Bloomberg set to debate in Nevada after qualifying in new poll

Democratic presidential contender Michael BloombergMichael BloombergNew York City auctioned off extra ventilators due to cost of maintenance: report DNC books million in fall YouTube ads Former Bloomberg staffer seeks class-action lawsuit over layoffs MORE is set to join his fellow candidates on the debate stage Wednesday after he qualified for the forum with the release of a new NPR–PBS NewsHour–Marist poll.

“Mike is looking forward to joining the other Democratic candidates on stage and making the case for why he's the best candidate to defeat Donald TrumpDonald John TrumpCDC updates website to remove dosage guidance on drug touted by Trump Trump says he'd like economy to reopen 'with a big bang' but acknowledges it may be limited Graham backs Trump, vows no money for WHO in next funding bill MORE and unite the country," Bloomberg's campaign manager, Kevin Sheekey, said in a statement. "The opportunity to discuss his workable and achievable plans for the challenges facing this country is an important part of the campaign process." 

Bloomberg, who is self-funding his campaign, did not meet the donor threshold to qualify for the past debates. Instead, he has relied on deploying high-dollar ad buys across the country in an effort to rise in the polls, and the Democratic National Committee in January eliminated the donor requirement to participate in debates. 

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As of Monday, Bloomberg only needed a state or national-level poll showing him over 10 percent to qualify for the forum. The new survey shows Bloomberg trailing only front-runner Sen. Bernie SandersBernie SandersDrugmaker caps insulin costs at to help diabetes patients during pandemic The Hill's Campaign Report: Wisconsin votes despite coronavirus pandemic Sen. Brown endorses Biden for president MORE (I-Vt.), the latest sign that his unconventional campaign strategy is gaining traction. 

The poll shows Bloomberg at 19 percent, while Sanders leads the field with 31 percent support. Former Vice President Joe BidenJoe BidenTrump shakes up WH communications team The Hill's Campaign Report: Wisconsin votes despite coronavirus pandemic The Intercept's Ryan Grim says Cuomo is winning over critics MORE came in third place with 15 percent support, and Sen. Elizabeth WarrenElizabeth WarrenHillicon Valley: Schiff presses intel chief on staff changes | Warren offers plan to secure elections | Twitter's Jack Dorsey to donate B to coronavirus fight | WhatsApp takes steps to counter virus misinformation Warren releases plan to secure elections during coronavirus pandemic On The Money: Trump officials struggle to get relief loans out the door | Dow soars more than 1600 points | Kudlow says officials 'looking at' offering coronavirus bonds MORE (D-Mass.) trailed in fourth place at 12 percent.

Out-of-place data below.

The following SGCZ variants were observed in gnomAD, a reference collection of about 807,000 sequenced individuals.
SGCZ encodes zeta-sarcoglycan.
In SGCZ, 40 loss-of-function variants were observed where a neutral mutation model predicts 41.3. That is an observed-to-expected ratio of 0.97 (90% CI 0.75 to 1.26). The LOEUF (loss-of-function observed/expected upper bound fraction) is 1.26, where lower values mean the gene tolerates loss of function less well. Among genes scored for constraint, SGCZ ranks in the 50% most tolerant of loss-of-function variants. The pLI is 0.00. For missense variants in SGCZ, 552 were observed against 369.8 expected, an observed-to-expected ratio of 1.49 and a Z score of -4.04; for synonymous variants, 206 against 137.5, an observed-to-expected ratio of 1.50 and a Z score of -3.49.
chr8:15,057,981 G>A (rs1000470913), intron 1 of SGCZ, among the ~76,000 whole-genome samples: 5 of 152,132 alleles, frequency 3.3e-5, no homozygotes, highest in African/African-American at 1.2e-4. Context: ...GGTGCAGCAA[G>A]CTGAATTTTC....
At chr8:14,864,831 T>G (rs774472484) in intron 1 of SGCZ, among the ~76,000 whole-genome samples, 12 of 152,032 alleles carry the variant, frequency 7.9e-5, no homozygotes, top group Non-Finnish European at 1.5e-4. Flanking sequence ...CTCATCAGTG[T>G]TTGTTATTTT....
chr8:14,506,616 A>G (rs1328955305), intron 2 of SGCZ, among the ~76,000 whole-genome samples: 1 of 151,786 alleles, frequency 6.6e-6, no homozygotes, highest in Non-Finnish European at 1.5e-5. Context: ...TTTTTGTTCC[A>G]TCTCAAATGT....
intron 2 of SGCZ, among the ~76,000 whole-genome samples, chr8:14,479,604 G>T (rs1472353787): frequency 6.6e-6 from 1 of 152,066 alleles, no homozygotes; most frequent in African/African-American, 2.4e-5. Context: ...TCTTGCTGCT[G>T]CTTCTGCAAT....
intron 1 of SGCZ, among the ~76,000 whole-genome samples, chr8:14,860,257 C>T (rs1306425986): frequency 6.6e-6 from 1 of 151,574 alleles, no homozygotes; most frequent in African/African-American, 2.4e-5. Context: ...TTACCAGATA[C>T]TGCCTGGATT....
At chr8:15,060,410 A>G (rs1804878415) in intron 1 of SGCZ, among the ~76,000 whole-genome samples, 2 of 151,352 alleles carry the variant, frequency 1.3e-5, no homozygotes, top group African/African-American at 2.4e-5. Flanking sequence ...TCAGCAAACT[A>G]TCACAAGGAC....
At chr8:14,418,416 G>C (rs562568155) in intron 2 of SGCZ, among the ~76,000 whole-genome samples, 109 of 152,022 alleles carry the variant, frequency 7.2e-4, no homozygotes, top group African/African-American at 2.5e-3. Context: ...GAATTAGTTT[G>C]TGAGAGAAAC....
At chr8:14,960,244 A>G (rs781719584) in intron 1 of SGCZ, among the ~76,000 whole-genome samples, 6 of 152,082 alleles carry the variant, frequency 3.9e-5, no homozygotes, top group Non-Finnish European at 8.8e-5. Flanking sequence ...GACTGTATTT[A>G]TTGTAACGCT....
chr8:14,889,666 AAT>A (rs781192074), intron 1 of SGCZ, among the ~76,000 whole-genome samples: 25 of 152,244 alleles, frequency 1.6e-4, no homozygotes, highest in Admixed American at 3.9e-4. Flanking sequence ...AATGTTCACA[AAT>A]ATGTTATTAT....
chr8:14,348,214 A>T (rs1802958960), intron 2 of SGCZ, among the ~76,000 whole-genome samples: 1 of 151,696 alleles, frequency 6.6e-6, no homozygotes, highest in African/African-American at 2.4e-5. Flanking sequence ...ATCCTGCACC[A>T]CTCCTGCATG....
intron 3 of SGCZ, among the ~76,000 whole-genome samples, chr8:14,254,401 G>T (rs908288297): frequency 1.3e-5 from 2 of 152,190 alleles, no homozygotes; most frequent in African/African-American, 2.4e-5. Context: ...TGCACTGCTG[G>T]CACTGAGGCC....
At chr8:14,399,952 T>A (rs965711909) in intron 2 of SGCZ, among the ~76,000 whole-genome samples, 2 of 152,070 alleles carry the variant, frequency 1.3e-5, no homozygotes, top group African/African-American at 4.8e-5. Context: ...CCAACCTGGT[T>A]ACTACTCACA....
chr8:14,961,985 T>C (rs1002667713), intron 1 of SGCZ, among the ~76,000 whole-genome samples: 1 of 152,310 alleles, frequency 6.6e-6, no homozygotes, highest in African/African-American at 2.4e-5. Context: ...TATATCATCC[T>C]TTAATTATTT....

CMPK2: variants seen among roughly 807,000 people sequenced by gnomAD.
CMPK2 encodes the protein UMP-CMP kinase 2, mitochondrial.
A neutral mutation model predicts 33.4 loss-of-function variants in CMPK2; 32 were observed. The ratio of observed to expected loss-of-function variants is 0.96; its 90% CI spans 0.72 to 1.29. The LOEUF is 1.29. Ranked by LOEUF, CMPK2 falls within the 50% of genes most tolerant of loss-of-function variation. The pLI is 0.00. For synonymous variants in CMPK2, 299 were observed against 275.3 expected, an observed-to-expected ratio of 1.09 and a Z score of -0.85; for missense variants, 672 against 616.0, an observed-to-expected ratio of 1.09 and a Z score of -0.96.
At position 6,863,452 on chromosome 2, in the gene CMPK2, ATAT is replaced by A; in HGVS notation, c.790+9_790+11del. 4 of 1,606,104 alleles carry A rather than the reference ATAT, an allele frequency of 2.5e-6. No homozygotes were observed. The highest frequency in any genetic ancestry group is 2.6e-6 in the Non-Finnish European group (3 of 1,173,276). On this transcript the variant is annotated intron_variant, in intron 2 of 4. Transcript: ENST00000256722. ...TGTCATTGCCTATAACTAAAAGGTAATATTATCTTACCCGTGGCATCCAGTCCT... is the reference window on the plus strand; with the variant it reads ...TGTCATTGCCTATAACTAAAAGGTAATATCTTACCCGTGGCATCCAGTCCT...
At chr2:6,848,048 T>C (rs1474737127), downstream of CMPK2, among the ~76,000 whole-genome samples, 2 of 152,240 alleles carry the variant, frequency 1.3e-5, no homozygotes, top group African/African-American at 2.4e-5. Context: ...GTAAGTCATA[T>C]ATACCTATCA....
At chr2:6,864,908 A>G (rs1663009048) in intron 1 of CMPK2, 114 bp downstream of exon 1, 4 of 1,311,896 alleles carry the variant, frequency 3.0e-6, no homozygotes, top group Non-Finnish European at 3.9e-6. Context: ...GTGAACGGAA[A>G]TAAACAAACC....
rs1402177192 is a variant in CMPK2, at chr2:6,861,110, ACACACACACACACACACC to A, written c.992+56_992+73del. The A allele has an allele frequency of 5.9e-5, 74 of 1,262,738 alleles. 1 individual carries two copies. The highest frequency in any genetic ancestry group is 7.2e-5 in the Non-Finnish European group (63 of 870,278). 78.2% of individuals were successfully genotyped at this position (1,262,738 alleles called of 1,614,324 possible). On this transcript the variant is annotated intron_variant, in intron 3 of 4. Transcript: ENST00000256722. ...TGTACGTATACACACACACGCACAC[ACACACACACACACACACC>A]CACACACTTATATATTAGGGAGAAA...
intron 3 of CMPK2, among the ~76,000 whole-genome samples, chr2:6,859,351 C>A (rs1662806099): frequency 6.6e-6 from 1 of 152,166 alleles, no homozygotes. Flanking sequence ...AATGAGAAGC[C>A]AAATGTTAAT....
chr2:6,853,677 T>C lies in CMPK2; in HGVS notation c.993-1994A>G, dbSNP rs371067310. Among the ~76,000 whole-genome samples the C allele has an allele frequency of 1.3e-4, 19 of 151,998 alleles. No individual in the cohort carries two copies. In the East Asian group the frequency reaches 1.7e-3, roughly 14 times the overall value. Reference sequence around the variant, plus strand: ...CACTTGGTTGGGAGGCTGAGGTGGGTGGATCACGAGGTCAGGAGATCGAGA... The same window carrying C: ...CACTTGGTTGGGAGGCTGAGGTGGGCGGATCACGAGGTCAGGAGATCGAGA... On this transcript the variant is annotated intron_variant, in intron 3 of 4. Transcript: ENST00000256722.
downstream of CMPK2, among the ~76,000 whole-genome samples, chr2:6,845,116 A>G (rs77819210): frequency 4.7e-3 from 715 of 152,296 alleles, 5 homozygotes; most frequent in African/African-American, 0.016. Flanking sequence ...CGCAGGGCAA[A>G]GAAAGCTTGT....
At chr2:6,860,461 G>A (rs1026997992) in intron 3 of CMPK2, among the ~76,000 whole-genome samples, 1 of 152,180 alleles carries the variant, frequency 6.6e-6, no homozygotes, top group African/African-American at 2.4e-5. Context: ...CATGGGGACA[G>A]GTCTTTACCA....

Sen. Amy KlobucharAmy Klobuchar Klobuchar's husband recounts battle with coronavirus: 'It just suddenly hit me' Hillicon Valley: Schiff presses intel chief on staff changes | Warren offers plan to secure elections | Twitter's Jack Dorsey to donate B to coronavirus fight | WhatsApp takes steps to counter virus misinformation Wisconsinites put lives on the line after SCOTUS decision MORE (D-Minn.) came in fifth place with 9 percent support, and former South Bend, Ind., Mayor Pete ButtigiegPete ButtigiegButtigieg launches new PAC to aid down-ballot candidates HuffPost political reporter on why Bernie fell way behind Biden Economists fear slow pace of testing will prolong recession MORE rounded out the top six at 8 percent support. 

Speculation has swirled around whether Bloomberg would join the debate in Nevada if he qualified, despite not being on the ballot in the state. The former New York City mayor will be on the ballot for the Super Tuesday contests on March 3. 

Klobuchar said last week Bloomberg should participate in the forum.  

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"I am also an advocate for him coming on the debate stage. I know that I'm not going to be able to beat him on the airwaves, but I can beat him on the debate stage," she said. 

Sanders, whose campaign was locked in a war of words with Bloomberg's on Monday, said on Saturday, however, that he did not think Bloomberg should debate. 

"That is what being a multibillionaire is about. Some very good friends of mine who were competing in the Democratic nomination — people like Cory Booker of New Jersey, Julián Castro — work really, really hard. Nobody changed the rules to get them in the debate,” Sanders said. 

The NPR–PBS NewsHour–Marist poll was conducted Feb. 13–16 among 1,416 adults. The question of preference for the Democratic nomination was asked to 527 Democrats and Democratic-leaning independents. The margin of error is 5.4 percentage points.

Updated at 6:51 a.m.